Ecological and evolutionary theory has frequently been inspired by the diversity of colour patterns on the wings of butterflies. More recently, these varied patterns have also become model systems for studying the evolution of developmental mechanisms. A technique that will facilitate our understanding of butterfly colour-pattern development is germline transformation. Germline transformation permits functional tests of candidate gene products and of cis-regulatory regions, and provides a means of generating new colour-pattern mutants by insertional mutagenesis. We report the successful transformation of the African satyrid butterfly Bicyclus anynana with two different transposable element vectors, Hermes and piggyBac, each carrying EGFP coding sequences driven by the 3XP3 synthetic enhancer that drives gene expression in the eyes. Candidate lines identified by screening for EGFP in adult eyes were later confirmed by PCR amplification of a fragment of the EGFP coding sequence from genomic DNA. Flanking DNA surrounding the insertions was amplified by inverse PCR and sequenced. Transformation rates were 5% for piggyBac and 10.2% for Hermes. Ultimately, the new data generated by these techniques may permit an integrated understanding of the developmental genetics of colour-pattern formation and of the ecological and evolutionary processes in which these patterns play a role.

The use of chemical and visual cues in female choice in the butterfly Bicyclus anynana

Costanzo, Katie; Monteiro, Antónia
Fonte: The Royal Society Publicador: The Royal Society
Tipo: Artigo de Revista Científica
EN
Relevância na Pesquisa
47.34%
Investigating the relative importance of multiple cues for mate choice within a species may highlight possible mechanisms that led to the diversification of closely related species in the past. Here, we investigate the importance of close-range pheromones produced by male Bicyclus anynana butterflies and determine the relative importance of these chemical cues versus visual cues in sexual selection by female choice. We first blocked putative androconial organs on the fore- and hindwings of males, while also manipulating the ability of females to perceive chemical signals via their antenna. We found that male chemical signals were emitted by both fore- and hindwing pairs and that they play an important role in female choice. We subsequently tested the relative importance of these chemical cues versus visual cues, previously identified for this species, and found that they play an equally important role in female choice in our laboratory setting. In addition, females will mate with males with only one signal present and blocking both androconial organs on males seems to interfere with male to male recognition. We discuss the possible functions of these signals and how this bimodal system may be used in intra- and interspecific mate evaluation.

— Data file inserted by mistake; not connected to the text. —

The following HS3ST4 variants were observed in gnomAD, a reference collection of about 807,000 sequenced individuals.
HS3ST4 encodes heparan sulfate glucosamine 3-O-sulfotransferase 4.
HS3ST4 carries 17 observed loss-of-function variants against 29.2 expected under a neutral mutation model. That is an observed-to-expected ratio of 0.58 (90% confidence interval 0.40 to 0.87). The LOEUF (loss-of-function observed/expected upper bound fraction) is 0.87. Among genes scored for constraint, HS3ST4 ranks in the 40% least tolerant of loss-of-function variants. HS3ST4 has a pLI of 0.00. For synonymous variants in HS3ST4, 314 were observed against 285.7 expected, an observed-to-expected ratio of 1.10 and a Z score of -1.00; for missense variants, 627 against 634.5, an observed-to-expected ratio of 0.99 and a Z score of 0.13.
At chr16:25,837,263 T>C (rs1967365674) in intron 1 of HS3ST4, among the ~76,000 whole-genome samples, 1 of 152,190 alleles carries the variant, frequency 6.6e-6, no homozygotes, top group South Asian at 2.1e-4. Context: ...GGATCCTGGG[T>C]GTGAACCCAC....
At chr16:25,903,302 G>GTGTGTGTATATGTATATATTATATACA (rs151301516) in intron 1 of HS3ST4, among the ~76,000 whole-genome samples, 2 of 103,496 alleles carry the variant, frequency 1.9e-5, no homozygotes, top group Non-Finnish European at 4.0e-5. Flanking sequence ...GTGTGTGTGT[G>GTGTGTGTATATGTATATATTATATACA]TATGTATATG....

A Gene-Based Linkage Map for Bicyclus anynana Butterflies Allows for a Comprehensive Analysis of Synteny with the Lepidopteran Reference Genome

Beldade, Patrícia; Saenko, Suzanne V.; Pul, Nicolien; Long, Anthony D.
Fonte: Public Library of Science Publicador: Public Library of Science
Tipo: Artigo de Revista Científica
EN
Relevância na Pesquisa
47.51%
Lepidopterans (butterflies and moths) are a rich and diverse order of insects, which, despite their economic impact and unusual biological properties, are relatively underrepresented in terms of genomic resources. The genome of the silkworm Bombyx mori has been fully sequenced, but comparative lepidopteran genomics has been hampered by the scarcity of information for other species. This is especially striking for butterflies, even though they have diverse and derived phenotypes (such as color vision and wing color patterns) and are considered prime models for the evolutionary and developmental analysis of ecologically relevant, complex traits. We focus on Bicyclus anynana butterflies, a laboratory system for studying the diversification of novelties and serially repeated traits. With a panel of 12 small families and a biphasic mapping approach, we first assigned 508 expressed genes to segregation groups and then ordered 297 of them within individual linkage groups. We also coarsely mapped seven color pattern loci. This is the richest gene-based map available for any butterfly species and allowed for a broad-coverage analysis of synteny with the lepidopteran reference genome. Based on 462 pairs of mapped orthologous markers in Bi. anynana and Bo. mori...

The Genetic, Morphological, and Physiological Characterization of a Dark Larval Cuticle Mutation in the Butterfly, Bicyclus anynana

Bear, Ashley; Simons, Ariel; Westerman, Erica; Monteiro, Antónia
Fonte: Public Library of Science Publicador: Public Library of Science
Tipo: Artigo de Revista Científica
Publicado em 14/07/2010 EN
Relevância na Pesquisa
47.34%
Studies on insect melanism have greatly contributed to our understanding of natural selection and the ultimate factors influencing the evolution of darkly pigmented phenotypes. Research on several species of melanic lepidopteran larvae have found that low levels of circulating juvenile hormone (JH) titers are associated with a melanic phenotype, suggesting that genetic changes in the JH biosynthetic pathway give rise to increased deposition of melanin granules in the cuticle in this group. But does melanism arise through different molecular mechanisms in different species? The present study reports on a Bicyclus anynana (Lepidoptera: Nymphalidae) dark larvae single locus mutation, in which larvae exhibit a darker cuticle relative to wild type. Unlike other lepidopteran melanic larvae mutations, this one is autosomal recessive and does not appear to involve a deficiency in JH titers. Unlike JH deficiency mutants, dark larvae mutants display similar growth rates and sexual behaviors as wild type, and topical application of a JH analogue failed to rescue the wild type cuticular coloration. Finally, transmission electron microscopy showed that sclerotization or deposition of diffuse melanin, rather than deposition of melanin granules, produces the dark coloration found in the cuticle of this species. We conclude that different molecular mechanisms underlie larval melanism in different species of Lepidoptera.